Laila Abu-Er-Rub: “Striving for an International Look: the Trend of Travelling Beauties in Asia”

The arrival of consumer culture in Asia through flows of capital, media, people, ideas, and images has transformed images of beauty in fashion and advertising wherever you may look at, be it in India, China, Japan, Indonesia, Malaysia, Singapore, Thailand or Vietnam. In the course of this development a new kind of transcultural beauty ideal was created which still carries some local characteristics but is to a large extent homogenised. Targeting at modern urban consumers, people involved in the production process of commercial images often aim at visualising feminity and masculinity that can be read as both, as global and local, as an embodiment of a modern world citizen. Particularly for catwalks and for fashion photography a certain kind of body type is required that is in line with the global standard for fashion imagery. Likewise the photographic style of such images became adjusted to convey a modern appeal. As the budgets for image production in the emerging markets in not as high as in their Western counterparts the availability of cheap labour in terms of models coming from economically less privileged countries helps decreasing their productions costs. This made attractive women and men from Eastern Europe and Brazil who are embodying the global beauty ideal in print media distributed on a larger scale travelling to Asia. This paper traces the emergence of this trend in different Asian countries and describes through a case study from India how Asian fashion photography is informed by a Western standard. (PDF

Jennifer Altehenger: "Children of the Crocodile: Cartoon Magazines, Political Satire and the Pan-socialist Project in the early PRC and GDR"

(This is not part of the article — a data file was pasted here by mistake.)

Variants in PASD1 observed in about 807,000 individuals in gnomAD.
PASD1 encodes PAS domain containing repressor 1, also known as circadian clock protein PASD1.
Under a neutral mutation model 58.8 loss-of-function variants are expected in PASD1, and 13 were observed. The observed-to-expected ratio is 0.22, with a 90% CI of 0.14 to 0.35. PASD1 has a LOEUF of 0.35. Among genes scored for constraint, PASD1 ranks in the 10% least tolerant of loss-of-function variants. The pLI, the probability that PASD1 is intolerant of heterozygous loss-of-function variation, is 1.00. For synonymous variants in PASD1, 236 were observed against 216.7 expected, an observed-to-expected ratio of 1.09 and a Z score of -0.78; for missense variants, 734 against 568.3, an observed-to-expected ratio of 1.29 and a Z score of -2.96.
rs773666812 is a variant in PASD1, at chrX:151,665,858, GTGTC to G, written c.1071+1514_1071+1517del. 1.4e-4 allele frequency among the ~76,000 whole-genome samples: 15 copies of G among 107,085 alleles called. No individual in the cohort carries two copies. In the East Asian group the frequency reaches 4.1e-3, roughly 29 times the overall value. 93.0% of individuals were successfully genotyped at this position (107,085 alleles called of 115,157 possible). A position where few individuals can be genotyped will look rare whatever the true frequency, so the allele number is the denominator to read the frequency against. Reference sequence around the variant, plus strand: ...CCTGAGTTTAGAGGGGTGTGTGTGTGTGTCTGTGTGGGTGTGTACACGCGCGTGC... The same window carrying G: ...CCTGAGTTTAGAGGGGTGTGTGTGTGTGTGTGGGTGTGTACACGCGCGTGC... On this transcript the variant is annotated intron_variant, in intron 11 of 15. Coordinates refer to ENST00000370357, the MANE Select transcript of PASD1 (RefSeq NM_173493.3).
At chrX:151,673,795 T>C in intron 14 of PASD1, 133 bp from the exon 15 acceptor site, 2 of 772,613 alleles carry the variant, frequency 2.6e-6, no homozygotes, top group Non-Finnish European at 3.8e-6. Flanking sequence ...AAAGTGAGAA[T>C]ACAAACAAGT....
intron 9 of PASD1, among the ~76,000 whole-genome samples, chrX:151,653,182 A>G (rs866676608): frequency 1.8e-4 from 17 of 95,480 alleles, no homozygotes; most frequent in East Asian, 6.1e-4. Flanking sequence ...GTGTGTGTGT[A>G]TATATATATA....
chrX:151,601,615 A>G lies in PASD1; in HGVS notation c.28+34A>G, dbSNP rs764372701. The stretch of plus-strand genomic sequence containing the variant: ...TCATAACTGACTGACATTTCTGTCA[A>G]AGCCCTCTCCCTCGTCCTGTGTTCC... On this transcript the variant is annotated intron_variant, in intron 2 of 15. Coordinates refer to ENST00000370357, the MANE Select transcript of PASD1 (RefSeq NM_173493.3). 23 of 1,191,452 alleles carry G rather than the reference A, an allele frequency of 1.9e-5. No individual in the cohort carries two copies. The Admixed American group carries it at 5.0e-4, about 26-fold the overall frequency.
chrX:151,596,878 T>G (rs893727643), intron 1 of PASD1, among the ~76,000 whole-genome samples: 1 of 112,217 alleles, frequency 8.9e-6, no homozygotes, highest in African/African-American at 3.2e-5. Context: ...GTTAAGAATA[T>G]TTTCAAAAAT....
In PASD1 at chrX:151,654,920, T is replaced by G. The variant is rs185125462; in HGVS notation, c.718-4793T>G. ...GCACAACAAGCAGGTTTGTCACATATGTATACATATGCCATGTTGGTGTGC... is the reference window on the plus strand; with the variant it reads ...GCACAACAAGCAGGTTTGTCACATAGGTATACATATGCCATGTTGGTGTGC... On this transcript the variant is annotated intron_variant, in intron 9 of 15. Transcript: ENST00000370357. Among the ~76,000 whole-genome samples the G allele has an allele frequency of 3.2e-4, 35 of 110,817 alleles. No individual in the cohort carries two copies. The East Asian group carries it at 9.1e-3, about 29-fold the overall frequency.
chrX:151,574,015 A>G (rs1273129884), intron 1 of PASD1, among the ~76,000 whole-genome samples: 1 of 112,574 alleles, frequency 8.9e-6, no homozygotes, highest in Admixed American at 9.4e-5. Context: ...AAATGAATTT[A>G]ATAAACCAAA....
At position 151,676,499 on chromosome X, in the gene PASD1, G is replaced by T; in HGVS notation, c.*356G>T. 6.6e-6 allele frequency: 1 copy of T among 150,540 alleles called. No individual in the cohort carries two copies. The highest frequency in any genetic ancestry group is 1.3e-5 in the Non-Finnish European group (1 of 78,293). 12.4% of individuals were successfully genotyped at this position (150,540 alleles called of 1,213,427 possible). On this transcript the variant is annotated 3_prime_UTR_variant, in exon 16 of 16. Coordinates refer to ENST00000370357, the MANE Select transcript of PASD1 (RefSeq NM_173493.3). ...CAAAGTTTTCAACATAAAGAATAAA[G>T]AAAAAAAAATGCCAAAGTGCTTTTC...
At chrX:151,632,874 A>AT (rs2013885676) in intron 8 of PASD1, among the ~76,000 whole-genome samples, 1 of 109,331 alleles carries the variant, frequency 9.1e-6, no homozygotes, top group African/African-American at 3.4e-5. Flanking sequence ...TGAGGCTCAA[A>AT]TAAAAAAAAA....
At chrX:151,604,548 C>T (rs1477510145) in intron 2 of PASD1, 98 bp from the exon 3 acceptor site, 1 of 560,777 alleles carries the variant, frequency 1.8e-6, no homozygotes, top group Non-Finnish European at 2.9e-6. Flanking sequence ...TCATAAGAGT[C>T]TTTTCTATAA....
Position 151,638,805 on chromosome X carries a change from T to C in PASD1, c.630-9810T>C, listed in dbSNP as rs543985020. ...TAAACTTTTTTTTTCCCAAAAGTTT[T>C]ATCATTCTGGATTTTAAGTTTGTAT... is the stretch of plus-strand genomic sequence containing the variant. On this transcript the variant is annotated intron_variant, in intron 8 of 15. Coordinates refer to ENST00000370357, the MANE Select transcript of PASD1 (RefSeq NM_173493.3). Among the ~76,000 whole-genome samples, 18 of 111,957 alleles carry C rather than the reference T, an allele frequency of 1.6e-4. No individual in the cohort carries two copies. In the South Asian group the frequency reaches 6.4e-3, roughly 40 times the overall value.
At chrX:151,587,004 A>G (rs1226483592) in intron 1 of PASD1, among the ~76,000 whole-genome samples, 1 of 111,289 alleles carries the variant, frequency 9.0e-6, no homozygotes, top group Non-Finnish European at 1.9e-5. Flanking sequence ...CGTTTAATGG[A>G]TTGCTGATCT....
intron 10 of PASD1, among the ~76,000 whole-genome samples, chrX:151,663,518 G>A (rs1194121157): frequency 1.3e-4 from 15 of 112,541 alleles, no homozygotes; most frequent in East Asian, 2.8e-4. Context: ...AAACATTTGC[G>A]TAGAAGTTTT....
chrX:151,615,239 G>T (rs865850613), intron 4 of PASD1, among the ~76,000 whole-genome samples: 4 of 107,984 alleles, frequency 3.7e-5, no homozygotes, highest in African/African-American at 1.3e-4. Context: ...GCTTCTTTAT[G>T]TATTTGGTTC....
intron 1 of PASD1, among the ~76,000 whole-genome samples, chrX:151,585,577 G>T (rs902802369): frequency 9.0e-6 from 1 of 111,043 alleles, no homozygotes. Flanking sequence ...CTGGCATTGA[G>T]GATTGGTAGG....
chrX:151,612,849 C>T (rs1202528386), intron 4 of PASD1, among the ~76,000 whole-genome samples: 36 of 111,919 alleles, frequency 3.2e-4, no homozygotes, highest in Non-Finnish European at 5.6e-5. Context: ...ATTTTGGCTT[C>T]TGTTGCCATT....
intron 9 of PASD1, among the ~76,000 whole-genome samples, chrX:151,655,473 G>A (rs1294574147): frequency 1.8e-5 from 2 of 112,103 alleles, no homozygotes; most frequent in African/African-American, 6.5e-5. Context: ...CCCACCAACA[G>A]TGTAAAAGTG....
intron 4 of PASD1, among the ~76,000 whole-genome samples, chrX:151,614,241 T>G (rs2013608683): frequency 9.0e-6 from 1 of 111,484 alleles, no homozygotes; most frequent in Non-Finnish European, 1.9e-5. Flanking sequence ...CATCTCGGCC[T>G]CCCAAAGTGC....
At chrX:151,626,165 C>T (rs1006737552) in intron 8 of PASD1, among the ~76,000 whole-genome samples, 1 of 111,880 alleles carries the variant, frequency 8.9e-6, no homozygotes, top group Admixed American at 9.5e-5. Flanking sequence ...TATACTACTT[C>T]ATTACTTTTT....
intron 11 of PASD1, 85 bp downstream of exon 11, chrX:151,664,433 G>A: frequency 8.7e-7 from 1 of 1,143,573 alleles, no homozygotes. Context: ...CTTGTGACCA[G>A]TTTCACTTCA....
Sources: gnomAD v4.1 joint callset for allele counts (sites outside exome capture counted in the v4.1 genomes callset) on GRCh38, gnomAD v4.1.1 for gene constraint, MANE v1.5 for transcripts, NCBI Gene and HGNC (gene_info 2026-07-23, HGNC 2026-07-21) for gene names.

This paper examines three socialist cartoon magazines - the PRC’s Cartoons Monthly, the GDR’s Eulenspiegel, and the Soviet Crocodile – and their artistic production during the early years of the Cold War. As both Cartoons Monthly and Eulenspiegel were modeled on the Crocodile, an analysis of these three publications will shed light on cultural exchanges across the socialist bloc prior to the Korean War, the first “hot” confrontation of the Cold War, and after. Building on recent scholarship that has examined literary and artistic exchanges between the Soviet Union and the PRC, this paper argues that political cartooning and satire were one example of a larger pan-socialist trend in cultural production. This trend, which was mainly directed by the governments’ cultural authorities, was supposed to galvanize people under the young communist regimes to fight the common capitalist, fascists, and imperialist enemies. The development and the trajectories of political cartoons in this period, however, demonstrates just how difficult it was to streamline satire in the midst of wavering political circumstances and allegiances across the bloc. An examination of these magazines, their publishers, editors, artists and the cartoons they produced will help trace the development of this pan-socialist propaganda trend and the formation of Cold War cultural homefronts in China and beyond. (PDF)